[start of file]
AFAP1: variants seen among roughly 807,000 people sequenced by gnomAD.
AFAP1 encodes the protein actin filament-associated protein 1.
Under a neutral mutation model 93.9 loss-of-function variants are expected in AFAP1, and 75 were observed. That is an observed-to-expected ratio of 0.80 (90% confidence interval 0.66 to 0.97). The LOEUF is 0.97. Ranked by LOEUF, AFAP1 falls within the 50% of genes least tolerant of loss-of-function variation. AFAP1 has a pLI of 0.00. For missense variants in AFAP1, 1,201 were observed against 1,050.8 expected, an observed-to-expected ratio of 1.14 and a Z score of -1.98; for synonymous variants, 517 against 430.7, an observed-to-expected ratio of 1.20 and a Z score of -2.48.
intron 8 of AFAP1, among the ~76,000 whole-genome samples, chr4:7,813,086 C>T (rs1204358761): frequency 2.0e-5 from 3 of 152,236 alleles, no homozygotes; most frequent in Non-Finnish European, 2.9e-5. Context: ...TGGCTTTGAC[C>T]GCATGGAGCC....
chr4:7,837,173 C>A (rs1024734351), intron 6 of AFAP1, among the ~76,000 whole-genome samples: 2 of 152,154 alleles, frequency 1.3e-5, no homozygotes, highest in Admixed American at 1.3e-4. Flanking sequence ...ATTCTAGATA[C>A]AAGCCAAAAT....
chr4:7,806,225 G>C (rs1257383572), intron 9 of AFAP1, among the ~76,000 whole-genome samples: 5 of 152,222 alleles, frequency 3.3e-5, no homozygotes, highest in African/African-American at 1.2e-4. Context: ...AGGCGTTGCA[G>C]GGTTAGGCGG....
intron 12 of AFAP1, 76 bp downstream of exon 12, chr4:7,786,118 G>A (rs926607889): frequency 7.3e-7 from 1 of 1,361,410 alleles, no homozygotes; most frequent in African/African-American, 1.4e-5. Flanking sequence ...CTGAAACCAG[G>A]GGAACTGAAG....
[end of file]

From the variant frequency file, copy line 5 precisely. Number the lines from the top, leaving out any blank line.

chr4:7,837,173 C>A (rs1024734351), intron 6 of AFAP1, among the ~76,000 whole-genome samples: 2 of 152,154 alleles, frequency 1.3e-5, no homozygotes, highest in Admixed American at 1.3e-4. Flanking sequence ...ATTCTAGATA[C>A]AAGCCAAAAT....